Interview with Shred Academy

Hi Zack, welcome to Shred Academy, how long have you been playing and what musical education did you receive?

It is great to be here and be involved in such a great instructional website. I have been playing guitar since I was 14 years old. Originally, I was a saxophone player, but I was drawn to the guitar due to the endless possibilities for song writing. The knowledge that I gained from playing the saxophone, however, definitely improved the speed in which I progressed on the guitar. I began studying classical guitar for about a year, but soon discovered the music of Dream Theater and switched to electric immediately. Searching for a professional teacher that could help me reach my goals and teach my how to perform and compose in that style, I found guitar virtuoso Tom Hess []. I was very fortunate to live only one mile from his teaching studio. I studied with him privately on a weekly basis for years.

I have also studied extensively with jazz guitar virtuoso Zvonimir Tot []. I wanted to expand my knowledge of multiple genres. I owe a great deal of my knowledge and success to these two instructors.

In addition to them, I have studied with Mike Walsh, Jody Fisher for guitar, and Tara Singer for piano and compositional studies. I recently went back to school to earn a bachelor's degree in music composition and in performance at Roosevelt University. I did this because while I already have learned what these classes and degrees teach, they are taught in slightly different ways and I wanted to get the absolute best education I could. I believe that education should be highly valued, no matter what the cost.

Who are your influences and what music are you listening to at the moment?

I have many influences, each for different things. I have influences for things like song writing, orchestration, virtuosic technique, and lyrical aspects. However, in general, my influences are: Dream Theater, Symphony X, Rusty Cooley, Joe Pass, John Scofield, Tony Macapline, Steve Vai, HESS, Allan Holdsworth, Planet X, Franz Liszt, Chopin, Beethoven, George Bellas, Vitalij Kuprij, and many more.

Today I have been listening to Un Sospiro by Liszt, the Not Too Soon album by Allan Holdsworth, and Scenes From a Memory by Dream Theater. I listen to multiple styles daily depending on what I am doing or working on.

I recently got your instructional DVD, the stage is yours to tell the readers what it involves and what it is designed for, how long did it take?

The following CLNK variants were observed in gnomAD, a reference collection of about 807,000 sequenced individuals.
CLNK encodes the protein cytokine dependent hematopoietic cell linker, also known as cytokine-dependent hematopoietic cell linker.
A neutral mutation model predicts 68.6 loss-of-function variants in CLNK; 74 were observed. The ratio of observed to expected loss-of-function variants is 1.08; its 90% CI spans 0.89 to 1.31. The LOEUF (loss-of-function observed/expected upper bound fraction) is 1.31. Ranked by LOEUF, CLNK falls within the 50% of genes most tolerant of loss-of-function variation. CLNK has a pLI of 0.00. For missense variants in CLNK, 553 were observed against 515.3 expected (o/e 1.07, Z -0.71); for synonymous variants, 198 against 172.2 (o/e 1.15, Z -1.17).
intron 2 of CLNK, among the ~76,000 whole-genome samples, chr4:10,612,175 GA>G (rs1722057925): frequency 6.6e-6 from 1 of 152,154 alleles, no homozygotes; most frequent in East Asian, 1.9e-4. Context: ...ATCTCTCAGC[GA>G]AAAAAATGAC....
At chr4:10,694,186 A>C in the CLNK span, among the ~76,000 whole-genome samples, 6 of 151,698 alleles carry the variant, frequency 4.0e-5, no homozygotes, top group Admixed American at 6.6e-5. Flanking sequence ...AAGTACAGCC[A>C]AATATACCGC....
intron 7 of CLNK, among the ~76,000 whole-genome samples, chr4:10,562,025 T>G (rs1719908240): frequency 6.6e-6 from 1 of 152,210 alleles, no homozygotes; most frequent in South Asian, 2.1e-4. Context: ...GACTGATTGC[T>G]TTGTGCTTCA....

Basically, I wanted to design the ultimate instructional product for 7-string guitarist. There are very limited resources for information for 7-string guitar players so I wanted to share some of the main concepts that I discovered on my own. I wanted to help save people's time in figuring out everything for themselves as I invested a lot of time into mapping out 7-string concepts such as arpeggios, scales, and chords.

My goal as an instructor is to allow and help others meet their goals. I remembered that when I began playing 7-string guitars, I wanted something like this desperately, but found nothing. So, when creating this product, my focus was to give everyone new and creative ideas for their own music. Rather than just giving out "licks" I wanted to show anyone who watches the DVD how they can create things for themselves. It took about 8 or 10 months for me to complete. Partially because I am a very busy person, but mainly because I will not submit anything but the highest of quality in anything that I am involved in, so I believe it was worth the long wait.

Topics include rhythm and lead 7-string guitar playing. There is a complete product description here:

The thing I liked most about your DVD was rather than a bunch of licks, you gave the arpeggios and modes that make them up too. Was this suggested to you or your own idea?

This was my idea. I got this idea for two main reasons:
1-As a professional instructor, I get new students all the time that just know licks and exercises, but have no idea how to create anything for themselves. While learning licks are cool and can serve technical purposes, what is the point if you cannot apply them to your own personal contexts?
2-When I was in the beginning stages of developing my guitar playing and musical skills, I would always apply whatever I learned and make something out it that I could call my own. I was told by numerous mentors to do this because it will allow you to gain the full benefit out of whatever you are learning, not matter what it is.

Besides guitar, do you play any other instruments?

I do play other instruments, but I focus heavily on guitar. I play piano as well, but necessarily not for performing. I learned how to play piano so I would have stronger knowledge of chord and music theory, and to support my compositional skills. There are mainly great chord voicings and solo ideas that can be gained even from knowing just the basics of piano playing. I have played other instruments in the past such as clarinet and saxophone, but I do not pursue these anymore. And of course, like nearly every guitar player, I play bass as well.